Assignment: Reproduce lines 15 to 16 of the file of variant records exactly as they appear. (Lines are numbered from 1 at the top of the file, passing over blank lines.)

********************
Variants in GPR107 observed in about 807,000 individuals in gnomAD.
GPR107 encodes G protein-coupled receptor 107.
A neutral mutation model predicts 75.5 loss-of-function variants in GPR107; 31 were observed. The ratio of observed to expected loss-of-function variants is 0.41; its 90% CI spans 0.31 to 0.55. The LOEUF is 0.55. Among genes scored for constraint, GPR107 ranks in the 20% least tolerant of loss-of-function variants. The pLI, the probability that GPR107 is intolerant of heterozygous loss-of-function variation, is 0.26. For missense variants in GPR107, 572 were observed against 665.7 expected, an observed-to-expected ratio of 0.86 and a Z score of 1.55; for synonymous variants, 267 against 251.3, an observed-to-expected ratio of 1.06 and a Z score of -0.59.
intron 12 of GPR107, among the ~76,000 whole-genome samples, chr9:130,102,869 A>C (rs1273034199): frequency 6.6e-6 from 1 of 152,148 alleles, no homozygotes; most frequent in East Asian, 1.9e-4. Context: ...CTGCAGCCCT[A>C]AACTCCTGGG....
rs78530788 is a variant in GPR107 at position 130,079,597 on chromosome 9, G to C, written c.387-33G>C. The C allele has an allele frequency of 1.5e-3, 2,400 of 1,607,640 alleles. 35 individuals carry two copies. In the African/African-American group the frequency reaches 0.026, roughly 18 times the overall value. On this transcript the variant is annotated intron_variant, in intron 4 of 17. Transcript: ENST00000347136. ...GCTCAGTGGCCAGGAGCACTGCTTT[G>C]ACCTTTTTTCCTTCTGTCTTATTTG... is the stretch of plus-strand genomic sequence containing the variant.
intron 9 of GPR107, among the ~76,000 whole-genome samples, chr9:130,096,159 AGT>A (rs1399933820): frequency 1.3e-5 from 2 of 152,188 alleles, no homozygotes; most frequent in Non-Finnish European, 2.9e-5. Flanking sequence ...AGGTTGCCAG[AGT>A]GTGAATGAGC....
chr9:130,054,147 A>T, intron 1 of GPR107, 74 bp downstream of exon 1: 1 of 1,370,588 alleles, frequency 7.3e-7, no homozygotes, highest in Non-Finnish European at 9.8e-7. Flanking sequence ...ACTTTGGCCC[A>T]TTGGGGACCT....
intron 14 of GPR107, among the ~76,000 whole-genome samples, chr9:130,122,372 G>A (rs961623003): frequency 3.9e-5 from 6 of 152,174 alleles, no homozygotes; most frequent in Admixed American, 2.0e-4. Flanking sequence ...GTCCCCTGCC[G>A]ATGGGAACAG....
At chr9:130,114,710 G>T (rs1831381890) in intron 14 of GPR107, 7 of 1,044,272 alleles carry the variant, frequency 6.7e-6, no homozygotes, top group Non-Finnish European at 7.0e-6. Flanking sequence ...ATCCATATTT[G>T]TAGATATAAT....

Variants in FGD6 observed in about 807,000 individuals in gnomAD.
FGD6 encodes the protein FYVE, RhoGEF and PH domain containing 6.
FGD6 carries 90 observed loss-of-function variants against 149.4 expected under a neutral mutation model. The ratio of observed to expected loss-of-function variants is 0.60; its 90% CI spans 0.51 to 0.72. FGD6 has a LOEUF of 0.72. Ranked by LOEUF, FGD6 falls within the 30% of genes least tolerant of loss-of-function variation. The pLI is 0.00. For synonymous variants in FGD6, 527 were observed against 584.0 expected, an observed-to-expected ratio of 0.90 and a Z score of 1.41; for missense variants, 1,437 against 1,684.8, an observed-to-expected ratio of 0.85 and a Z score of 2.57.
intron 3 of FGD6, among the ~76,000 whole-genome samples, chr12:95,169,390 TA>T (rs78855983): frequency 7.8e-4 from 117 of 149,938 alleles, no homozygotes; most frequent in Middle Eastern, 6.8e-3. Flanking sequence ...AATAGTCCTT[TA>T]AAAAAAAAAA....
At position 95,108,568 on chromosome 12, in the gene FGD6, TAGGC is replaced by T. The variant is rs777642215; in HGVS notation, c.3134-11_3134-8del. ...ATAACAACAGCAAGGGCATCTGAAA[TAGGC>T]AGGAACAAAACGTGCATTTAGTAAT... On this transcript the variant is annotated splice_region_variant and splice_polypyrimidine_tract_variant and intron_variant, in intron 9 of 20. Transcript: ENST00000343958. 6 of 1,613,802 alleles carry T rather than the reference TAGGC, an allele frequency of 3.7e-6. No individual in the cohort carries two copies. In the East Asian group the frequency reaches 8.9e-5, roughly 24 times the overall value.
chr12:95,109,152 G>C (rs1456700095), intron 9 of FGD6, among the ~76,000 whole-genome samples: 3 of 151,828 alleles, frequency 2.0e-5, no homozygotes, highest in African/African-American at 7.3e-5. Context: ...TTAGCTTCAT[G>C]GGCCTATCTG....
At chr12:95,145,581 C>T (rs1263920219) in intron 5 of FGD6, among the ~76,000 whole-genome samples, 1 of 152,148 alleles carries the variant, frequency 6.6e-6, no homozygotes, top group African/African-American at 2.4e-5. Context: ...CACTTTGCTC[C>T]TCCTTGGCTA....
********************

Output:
chr12:95,109,152 G>C (rs1456700095), intron 9 of FGD6, among the ~76,000 whole-genome samples: 3 of 151,828 alleles, frequency 2.0e-5, no homozygotes, highest in African/African-American at 7.3e-5. Context: ...TTAGCTTCAT[G>C]GGCCTATCTG....
At chr12:95,145,581 C>T (rs1263920219) in intron 5 of FGD6, among the ~76,000 whole-genome samples, 1 of 152,148 alleles carries the variant, frequency 6.6e-6, no homozygotes, top group African/African-American at 2.4e-5. Context: ...CACTTTGCTC[C>T]TCCTTGGCTA....